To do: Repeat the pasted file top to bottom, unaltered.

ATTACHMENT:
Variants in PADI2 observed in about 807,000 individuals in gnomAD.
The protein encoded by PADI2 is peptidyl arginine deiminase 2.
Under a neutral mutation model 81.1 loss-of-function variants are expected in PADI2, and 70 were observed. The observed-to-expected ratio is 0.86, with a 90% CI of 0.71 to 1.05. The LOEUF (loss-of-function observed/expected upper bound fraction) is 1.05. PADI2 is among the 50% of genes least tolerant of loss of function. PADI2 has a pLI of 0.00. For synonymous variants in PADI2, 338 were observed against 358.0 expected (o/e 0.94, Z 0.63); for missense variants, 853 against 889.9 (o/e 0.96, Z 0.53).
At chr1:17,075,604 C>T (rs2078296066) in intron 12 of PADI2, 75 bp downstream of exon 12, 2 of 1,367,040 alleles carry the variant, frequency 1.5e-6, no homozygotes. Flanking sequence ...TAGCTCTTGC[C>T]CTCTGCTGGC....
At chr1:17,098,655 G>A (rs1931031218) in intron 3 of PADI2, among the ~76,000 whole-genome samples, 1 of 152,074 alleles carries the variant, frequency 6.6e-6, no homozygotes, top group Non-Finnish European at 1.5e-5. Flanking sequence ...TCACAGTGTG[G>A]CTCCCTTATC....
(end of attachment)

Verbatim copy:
Variants in PADI2 observed in about 807,000 individuals in gnomAD.
The protein encoded by PADI2 is peptidyl arginine deiminase 2.
Under a neutral mutation model 81.1 loss-of-function variants are expected in PADI2, and 70 were observed. The observed-to-expected ratio is 0.86, with a 90% CI of 0.71 to 1.05. The LOEUF (loss-of-function observed/expected upper bound fraction) is 1.05. PADI2 is among the 50% of genes least tolerant of loss of function. PADI2 has a pLI of 0.00. For synonymous variants in PADI2, 338 were observed against 358.0 expected (o/e 0.94, Z 0.63); for missense variants, 853 against 889.9 (o/e 0.96, Z 0.53).
At chr1:17,075,604 C>T (rs2078296066) in intron 12 of PADI2, 75 bp downstream of exon 12, 2 of 1,367,040 alleles carry the variant, frequency 1.5e-6, no homozygotes. Flanking sequence ...TAGCTCTTGC[C>T]CTCTGCTGGC....
At chr1:17,098,655 G>A (rs1931031218) in intron 3 of PADI2, among the ~76,000 whole-genome samples, 1 of 152,074 alleles carries the variant, frequency 6.6e-6, no homozygotes, top group Non-Finnish European at 1.5e-5. Flanking sequence ...TCACAGTGTG[G>A]CTCCCTTATC....